For example, a revivify may require holding the diamond in the cleric's hand which start to glow with the light from a soul that's been captured. Then the cleric slams the diamonds into the head of the fallen PC, reviving them.

Another may make a prayer, clap their hands and dribble the dust into the mouth of the PC.
 

jasper

Rotten DM
I have the player describe what happens to components that are consumed if they want.

For example, a revivify may require holding the diamond in the cleric's hand which start to glow with the light from a soul that's been captured. Then the cleric slams the diamonds into the head of the fallen PC, reviving them.

Another may make a prayer, clap their hands and dribble the dust into the mouth of the PC.
darn oofta every time you bring back from the dead I have a headache. And this time I didn't have an axe in my skull.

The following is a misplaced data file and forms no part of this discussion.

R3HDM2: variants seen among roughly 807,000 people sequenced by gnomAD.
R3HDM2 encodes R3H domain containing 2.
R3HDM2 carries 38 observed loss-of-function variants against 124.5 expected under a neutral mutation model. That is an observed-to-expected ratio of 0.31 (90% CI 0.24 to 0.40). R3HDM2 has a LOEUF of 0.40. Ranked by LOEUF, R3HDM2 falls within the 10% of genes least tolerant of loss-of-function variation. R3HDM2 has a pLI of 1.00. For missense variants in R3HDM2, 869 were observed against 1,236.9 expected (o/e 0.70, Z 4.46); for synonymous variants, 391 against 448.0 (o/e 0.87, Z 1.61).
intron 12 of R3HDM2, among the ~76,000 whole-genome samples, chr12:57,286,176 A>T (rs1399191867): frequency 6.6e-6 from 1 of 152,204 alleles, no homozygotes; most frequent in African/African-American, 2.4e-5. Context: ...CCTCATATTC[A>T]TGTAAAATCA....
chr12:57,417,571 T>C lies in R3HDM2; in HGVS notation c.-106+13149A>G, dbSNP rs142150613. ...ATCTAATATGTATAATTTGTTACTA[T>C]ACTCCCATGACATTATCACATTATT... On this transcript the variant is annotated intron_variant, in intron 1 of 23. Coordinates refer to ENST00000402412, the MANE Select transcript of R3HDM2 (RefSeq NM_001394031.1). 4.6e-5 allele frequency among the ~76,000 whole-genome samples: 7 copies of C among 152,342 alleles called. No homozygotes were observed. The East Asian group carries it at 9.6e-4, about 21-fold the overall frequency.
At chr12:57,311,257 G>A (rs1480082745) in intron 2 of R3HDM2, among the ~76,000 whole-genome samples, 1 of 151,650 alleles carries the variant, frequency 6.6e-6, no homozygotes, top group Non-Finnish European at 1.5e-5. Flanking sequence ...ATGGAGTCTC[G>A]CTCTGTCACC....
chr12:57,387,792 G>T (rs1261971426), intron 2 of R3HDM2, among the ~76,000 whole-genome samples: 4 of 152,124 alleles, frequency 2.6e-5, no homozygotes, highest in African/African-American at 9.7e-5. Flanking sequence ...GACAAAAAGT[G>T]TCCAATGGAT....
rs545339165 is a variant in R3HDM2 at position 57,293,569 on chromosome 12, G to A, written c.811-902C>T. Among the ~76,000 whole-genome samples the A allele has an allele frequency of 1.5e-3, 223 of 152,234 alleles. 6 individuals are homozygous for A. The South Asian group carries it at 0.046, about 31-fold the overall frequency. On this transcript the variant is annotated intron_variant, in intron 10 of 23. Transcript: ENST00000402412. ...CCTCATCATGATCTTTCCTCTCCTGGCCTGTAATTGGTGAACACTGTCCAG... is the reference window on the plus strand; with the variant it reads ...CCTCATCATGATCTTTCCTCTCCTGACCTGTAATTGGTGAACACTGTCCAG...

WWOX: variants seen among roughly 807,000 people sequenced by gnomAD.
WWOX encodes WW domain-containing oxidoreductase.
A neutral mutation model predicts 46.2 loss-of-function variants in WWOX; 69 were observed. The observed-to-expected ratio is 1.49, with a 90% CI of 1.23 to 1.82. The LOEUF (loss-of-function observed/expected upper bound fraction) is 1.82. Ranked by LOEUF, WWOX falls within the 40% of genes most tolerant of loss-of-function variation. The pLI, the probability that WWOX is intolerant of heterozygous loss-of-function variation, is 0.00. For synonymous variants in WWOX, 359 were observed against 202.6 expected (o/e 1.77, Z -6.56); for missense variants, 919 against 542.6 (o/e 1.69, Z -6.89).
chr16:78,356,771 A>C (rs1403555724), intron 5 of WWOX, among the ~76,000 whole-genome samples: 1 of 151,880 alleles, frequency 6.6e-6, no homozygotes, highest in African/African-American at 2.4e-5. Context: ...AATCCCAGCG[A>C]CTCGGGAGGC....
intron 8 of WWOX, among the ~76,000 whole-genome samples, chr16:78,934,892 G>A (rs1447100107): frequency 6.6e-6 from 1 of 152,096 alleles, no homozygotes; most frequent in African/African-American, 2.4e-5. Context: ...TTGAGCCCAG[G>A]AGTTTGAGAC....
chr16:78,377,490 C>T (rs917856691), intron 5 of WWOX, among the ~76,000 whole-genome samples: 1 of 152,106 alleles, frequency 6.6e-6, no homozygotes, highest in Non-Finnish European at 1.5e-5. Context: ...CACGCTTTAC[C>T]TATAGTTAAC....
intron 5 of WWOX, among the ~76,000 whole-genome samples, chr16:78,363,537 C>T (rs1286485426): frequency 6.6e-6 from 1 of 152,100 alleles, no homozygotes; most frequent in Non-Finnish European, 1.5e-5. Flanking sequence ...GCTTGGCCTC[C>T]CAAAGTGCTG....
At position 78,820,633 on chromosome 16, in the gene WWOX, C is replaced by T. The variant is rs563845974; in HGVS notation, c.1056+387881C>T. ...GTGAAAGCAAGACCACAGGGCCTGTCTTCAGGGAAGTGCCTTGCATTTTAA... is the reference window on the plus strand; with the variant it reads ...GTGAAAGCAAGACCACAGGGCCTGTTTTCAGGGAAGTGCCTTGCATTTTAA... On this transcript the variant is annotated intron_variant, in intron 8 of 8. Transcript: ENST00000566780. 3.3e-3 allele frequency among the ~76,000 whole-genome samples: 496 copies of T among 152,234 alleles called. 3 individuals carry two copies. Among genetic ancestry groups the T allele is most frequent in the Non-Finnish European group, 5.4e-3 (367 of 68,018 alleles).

Lanefan

Victoria Rules
For me it comes down to what type of game does the DM and players want to run? If its a meticulously tracked inventory game where encumbrance is used then Id definitely track components, how many pages each spell takes up in a spellbook and how much it weighs. Chances are a high level wizard is going to have more than one spellbook, and non-magical backpacks and pouches only hold so much. Add spell components to this and theres alot of factors that can dictate which spells are available to a wizard at any given time.

We played a campaign where we took all of this into account where I played a Mage. I remember having multiple spellbooks and having to choose which ones to take and which ones to leave behind when preparing to go out on an adventure. Including spellbooks, components, magical items and mundane equipment I could only carry so much. This was a fun campaign, made for very realistic game.
We do this. Some years ago I assigned page counts to every arcane spell we have (mostly so I could better cost out ink and paper for casters trying to learn/copy spells), and now we track these in our games.